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final_oldfinal1 - oldnal 01 PAPAGEORGE MATT Due May 6 2008...

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oldfinal 01 – PAPAGEORGE, MATT – Due: May 6 2008, 4:00 am 1 Question 1, chap 16, sect 3. part 1 of 1 10 points While waiting for Stan Speedy to arrive on a late passenger train, Kathy Kool notices beats occurring as a result of two trains blow- ing their whistles simultaneously. One train is at rest and the other is approaching her at a speed of 13 . 9 km / h. Assume that both whistles have the same frequency and that the speed of sound is 344 m / s. If Kathy hears beat frequency at 7 . 39 Hz, what is the frequency of the whistles? Correct answer: 651 . 011 Hz (tolerance ± 1 %). Explanation: The frequency of sound waves produced by the moving whistle at Kathy’s location is given, according to Doppler E ff ect, by f = v sound v sound - v train f = 344 m / s 344 m / s - 3 . 86111 m / s f = (1 . 01135) f . The beat frequency equals the di ff erence in frequency between the two sources. f b = | f - f | = (1 . 01135 - 1) f . Therefore, f = f b (1 . 01135 - 1) = 7 . 39 Hz (1 . 01135 - 1) = 651 . 011 Hz . Question 2, chap 16, sect 4. part 1 of 1 10 points An elastic string of mass 5 . 2 g is stretched to a length of 1 . 791 m by the tension force 44 N. The string is fixed at both ends and has fundamental frequency f 1 . When the tension force increases to 624 . 8 N the string stretches to a length 8 . 68635 m and its fundamental frequency becomes f 2 . Calculate the ratio f 2 f 1 . Correct answer: 1 . 71109 (tolerance ± 1 %). Explanation: Let : L 1 = 1 . 791 m , F 1 = 44 N , L 2 = 8 . 68635 m , and F 2 = 624 . 8 N . The fundamental mode of a string has wavelength λ = 2 L and therefore frequency f = v 2 L , where v = F μ = F m L = F L m is the speed of waves on the string. Alto- gether, f = 1 2 L F L m = 1 2 F m L . Thus the ratio is f 2 f 1 = 1 2 F 2 m L 2 1 2 F 1 m L 1 = F 2 L 1 F 1 L 2 = (624 . 8 N) (1 . 791 m) (44 N) (8 . 68635 m) = 1 . 71109 . Note: You don’t need the value of the string’s mass since it cancels out of the frequency ratio. Question 3, chap 17, sect 3. part 1 of 1 10 points A variable-length air column is placed just below a vibrating wire that is fixed at the both ends. The length of air column open at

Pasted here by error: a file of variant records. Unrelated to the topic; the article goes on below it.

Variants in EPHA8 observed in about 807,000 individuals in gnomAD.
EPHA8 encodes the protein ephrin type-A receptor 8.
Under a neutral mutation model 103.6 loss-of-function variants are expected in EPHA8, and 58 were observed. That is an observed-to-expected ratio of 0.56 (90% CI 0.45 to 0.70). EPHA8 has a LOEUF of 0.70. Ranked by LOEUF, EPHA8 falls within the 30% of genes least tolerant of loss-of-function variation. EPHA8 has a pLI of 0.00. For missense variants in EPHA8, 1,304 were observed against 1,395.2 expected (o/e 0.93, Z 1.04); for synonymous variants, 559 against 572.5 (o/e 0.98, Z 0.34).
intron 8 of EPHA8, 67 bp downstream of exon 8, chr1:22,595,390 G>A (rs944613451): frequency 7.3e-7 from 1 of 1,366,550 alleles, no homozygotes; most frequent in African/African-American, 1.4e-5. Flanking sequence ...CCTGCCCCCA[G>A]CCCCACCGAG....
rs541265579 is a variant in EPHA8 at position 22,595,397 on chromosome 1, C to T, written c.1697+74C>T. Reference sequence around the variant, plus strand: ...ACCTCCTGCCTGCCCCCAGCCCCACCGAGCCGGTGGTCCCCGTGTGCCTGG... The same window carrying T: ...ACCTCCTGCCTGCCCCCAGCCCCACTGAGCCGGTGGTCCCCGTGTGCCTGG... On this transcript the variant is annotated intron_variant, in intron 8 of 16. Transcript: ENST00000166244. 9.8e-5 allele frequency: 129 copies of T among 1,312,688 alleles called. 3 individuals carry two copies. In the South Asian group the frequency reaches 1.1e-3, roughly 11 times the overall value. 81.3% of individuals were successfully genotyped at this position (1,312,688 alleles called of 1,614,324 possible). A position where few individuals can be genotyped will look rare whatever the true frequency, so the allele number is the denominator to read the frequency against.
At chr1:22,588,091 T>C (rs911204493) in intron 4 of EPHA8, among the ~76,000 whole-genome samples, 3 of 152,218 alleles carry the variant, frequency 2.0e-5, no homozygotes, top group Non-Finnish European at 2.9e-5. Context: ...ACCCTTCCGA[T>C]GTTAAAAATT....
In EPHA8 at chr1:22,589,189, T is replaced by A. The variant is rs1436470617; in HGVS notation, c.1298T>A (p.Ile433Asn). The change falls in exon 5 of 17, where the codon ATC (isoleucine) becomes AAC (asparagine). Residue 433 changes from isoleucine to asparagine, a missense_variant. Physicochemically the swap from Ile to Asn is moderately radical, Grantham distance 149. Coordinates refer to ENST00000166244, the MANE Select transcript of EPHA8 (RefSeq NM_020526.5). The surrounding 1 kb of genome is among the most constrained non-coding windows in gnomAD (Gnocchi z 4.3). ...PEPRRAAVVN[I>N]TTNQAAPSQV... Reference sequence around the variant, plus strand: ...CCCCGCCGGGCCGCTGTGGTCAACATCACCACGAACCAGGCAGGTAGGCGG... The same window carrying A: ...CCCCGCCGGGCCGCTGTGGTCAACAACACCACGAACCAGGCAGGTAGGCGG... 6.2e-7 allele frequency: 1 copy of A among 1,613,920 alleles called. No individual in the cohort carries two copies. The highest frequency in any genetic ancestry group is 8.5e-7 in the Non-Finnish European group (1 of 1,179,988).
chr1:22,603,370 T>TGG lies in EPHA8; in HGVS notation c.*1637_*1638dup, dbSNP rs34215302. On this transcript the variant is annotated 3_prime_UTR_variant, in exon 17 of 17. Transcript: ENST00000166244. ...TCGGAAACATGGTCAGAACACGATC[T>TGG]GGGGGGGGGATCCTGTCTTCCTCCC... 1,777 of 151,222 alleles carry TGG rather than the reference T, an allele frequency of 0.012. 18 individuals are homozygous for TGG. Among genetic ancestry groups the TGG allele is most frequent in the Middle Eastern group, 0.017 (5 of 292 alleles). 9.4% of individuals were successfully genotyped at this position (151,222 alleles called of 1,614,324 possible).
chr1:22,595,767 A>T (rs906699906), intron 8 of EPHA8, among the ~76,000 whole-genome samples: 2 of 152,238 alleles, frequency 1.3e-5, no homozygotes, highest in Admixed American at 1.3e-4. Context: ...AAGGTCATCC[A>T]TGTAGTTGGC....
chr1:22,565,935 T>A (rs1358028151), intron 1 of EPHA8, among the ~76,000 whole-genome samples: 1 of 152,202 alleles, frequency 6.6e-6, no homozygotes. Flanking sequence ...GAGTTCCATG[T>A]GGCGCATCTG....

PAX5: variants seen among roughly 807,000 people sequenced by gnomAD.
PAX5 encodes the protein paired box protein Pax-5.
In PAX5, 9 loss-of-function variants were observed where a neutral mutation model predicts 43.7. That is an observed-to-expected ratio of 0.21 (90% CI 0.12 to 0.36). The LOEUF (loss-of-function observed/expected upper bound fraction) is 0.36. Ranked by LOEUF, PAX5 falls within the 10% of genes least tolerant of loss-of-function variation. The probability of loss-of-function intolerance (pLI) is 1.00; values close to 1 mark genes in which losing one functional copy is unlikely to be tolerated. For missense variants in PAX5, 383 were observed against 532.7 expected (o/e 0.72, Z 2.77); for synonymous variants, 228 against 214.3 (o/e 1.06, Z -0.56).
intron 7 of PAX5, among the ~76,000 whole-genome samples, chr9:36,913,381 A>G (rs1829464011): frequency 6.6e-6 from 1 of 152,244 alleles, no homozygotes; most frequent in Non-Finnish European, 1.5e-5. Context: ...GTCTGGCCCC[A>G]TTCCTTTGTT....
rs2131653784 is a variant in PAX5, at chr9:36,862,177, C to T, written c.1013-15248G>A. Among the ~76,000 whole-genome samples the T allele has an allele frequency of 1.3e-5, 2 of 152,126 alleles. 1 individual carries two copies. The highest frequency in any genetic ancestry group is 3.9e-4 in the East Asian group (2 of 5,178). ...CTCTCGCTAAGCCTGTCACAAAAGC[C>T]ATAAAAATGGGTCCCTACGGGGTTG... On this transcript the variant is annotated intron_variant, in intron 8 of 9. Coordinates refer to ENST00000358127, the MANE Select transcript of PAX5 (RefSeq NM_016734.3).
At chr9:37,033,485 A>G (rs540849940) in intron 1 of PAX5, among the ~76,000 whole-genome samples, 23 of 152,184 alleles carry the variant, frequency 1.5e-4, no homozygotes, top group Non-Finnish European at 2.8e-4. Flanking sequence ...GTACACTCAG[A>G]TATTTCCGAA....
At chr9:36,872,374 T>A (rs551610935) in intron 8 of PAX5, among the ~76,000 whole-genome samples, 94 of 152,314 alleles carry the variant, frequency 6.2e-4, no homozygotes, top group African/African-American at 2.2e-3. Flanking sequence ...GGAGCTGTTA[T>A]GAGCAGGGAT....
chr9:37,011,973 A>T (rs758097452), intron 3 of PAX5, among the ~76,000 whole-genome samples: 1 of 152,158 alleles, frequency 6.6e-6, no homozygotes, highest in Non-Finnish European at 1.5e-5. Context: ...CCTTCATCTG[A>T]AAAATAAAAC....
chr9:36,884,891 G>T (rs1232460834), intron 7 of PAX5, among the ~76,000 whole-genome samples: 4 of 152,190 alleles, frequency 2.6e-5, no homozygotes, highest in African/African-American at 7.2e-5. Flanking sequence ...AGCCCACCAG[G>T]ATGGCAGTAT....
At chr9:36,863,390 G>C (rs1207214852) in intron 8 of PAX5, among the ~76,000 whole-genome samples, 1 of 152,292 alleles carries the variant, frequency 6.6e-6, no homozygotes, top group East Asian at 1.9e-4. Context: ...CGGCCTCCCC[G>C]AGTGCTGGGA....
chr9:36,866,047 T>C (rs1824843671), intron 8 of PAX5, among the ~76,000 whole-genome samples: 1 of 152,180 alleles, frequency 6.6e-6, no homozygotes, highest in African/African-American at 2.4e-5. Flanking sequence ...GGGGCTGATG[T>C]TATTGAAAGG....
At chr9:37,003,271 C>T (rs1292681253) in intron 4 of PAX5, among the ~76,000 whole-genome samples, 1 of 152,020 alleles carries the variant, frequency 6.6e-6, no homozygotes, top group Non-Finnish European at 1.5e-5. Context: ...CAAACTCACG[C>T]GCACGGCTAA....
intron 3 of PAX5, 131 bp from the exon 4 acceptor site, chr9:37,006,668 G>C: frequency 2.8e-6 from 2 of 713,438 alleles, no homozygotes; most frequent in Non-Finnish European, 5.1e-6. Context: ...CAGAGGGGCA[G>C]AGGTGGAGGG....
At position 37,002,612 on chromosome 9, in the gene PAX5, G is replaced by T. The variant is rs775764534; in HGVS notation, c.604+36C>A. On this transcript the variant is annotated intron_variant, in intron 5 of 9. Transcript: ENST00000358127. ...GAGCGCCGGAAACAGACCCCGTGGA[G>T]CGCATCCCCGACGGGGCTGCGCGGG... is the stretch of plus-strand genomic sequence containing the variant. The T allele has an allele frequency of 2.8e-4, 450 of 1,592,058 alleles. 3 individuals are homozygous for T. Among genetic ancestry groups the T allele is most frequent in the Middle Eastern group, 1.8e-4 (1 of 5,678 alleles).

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oldfinal 01 – PAPAGEORGE, MATT – Due: May 6 2008, 4:00 am 2 one end is gradually increased from zero until the first position of resonance is observed at 24 . 9 cm. The wire is 127 . 2 cm long and is vibrating in its third harmonic. Find the speed of transverse waves in the wire if the speed of sound in air is 340 m / s. Correct answer: 289 . 478 m / s (tolerance ± 1 %). Explanation: Given : L = 24 . 9 cm , L wire = 127 . 2 cm , and v sound = 340 m / s . The length of the air column when the first resonance is heard is L = λ air 4 , where λ air is the wavelength of the sound in air. The frequency of sound wave, and hence the vibrating wire producing sound, is f = v sound λ air = v sound 4 L . When the wire vibrates in its third harmonic, its wavelength is related to its length as fol- lows; L wire = 3 2 λ wire , where λ wire is the wavelength of waves trav- eling in the wire. Therefore, λ wire = 2 3 L wire , and the speed of transverse waves in the wire is v wire = λ wire f = 2 3 L wire v sound 4 L = L wire v sound 6 L = (127 . 2 cm) (340 m / s) 6 (24 . 9 cm) = 289 . 478 m / s .
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